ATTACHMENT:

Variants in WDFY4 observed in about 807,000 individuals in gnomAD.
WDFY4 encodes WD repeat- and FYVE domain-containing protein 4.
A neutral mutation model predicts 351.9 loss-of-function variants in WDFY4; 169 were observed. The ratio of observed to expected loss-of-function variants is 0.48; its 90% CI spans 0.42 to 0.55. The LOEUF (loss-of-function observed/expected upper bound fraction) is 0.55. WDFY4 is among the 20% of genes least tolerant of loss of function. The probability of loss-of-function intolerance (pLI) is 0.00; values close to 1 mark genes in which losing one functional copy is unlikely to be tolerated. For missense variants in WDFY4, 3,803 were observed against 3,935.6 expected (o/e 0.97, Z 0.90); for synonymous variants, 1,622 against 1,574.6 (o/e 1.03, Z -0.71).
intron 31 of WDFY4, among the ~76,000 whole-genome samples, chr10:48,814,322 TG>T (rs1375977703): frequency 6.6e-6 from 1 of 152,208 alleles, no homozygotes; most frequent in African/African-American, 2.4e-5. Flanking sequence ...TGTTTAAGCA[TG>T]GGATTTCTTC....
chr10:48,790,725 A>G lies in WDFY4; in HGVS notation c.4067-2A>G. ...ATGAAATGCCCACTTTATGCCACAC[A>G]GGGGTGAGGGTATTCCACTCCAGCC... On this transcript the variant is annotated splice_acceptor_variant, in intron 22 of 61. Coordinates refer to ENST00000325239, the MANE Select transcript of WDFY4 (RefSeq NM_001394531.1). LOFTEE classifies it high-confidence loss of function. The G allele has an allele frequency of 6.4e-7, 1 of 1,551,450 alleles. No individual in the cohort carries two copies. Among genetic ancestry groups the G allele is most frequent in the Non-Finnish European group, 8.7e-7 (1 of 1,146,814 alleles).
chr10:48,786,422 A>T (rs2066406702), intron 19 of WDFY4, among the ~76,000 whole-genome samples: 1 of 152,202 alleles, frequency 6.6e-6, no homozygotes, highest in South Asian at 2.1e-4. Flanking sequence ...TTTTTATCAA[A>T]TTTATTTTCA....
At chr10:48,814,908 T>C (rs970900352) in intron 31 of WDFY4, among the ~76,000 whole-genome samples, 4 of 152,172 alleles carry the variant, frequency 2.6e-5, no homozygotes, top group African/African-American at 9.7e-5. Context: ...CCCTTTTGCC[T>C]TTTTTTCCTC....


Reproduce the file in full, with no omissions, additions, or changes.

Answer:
Variants in WDFY4 observed in about 807,000 individuals in gnomAD.
WDFY4 encodes WD repeat- and FYVE domain-containing protein 4.
A neutral mutation model predicts 351.9 loss-of-function variants in WDFY4; 169 were observed. The ratio of observed to expected loss-of-function variants is 0.48; its 90% CI spans 0.42 to 0.55. The LOEUF (loss-of-function observed/expected upper bound fraction) is 0.55. WDFY4 is among the 20% of genes least tolerant of loss of function. The probability of loss-of-function intolerance (pLI) is 0.00; values close to 1 mark genes in which losing one functional copy is unlikely to be tolerated. For missense variants in WDFY4, 3,803 were observed against 3,935.6 expected (o/e 0.97, Z 0.90); for synonymous variants, 1,622 against 1,574.6 (o/e 1.03, Z -0.71).
intron 31 of WDFY4, among the ~76,000 whole-genome samples, chr10:48,814,322 TG>T (rs1375977703): frequency 6.6e-6 from 1 of 152,208 alleles, no homozygotes; most frequent in African/African-American, 2.4e-5. Flanking sequence ...TGTTTAAGCA[TG>T]GGATTTCTTC....
chr10:48,790,725 A>G lies in WDFY4; in HGVS notation c.4067-2A>G. ...ATGAAATGCCCACTTTATGCCACAC[A>G]GGGGTGAGGGTATTCCACTCCAGCC... On this transcript the variant is annotated splice_acceptor_variant, in intron 22 of 61. Coordinates refer to ENST00000325239, the MANE Select transcript of WDFY4 (RefSeq NM_001394531.1). LOFTEE classifies it high-confidence loss of function. The G allele has an allele frequency of 6.4e-7, 1 of 1,551,450 alleles. No individual in the cohort carries two copies. Among genetic ancestry groups the G allele is most frequent in the Non-Finnish European group, 8.7e-7 (1 of 1,146,814 alleles).
chr10:48,786,422 A>T (rs2066406702), intron 19 of WDFY4, among the ~76,000 whole-genome samples: 1 of 152,202 alleles, frequency 6.6e-6, no homozygotes, highest in South Asian at 2.1e-4. Flanking sequence ...TTTTTATCAA[A>T]TTTATTTTCA....
At chr10:48,814,908 T>C (rs970900352) in intron 31 of WDFY4, among the ~76,000 whole-genome samples, 4 of 152,172 alleles carry the variant, frequency 2.6e-5, no homozygotes, top group African/African-American at 9.7e-5. Context: ...CCCTTTTGCC[T>C]TTTTTTCCTC....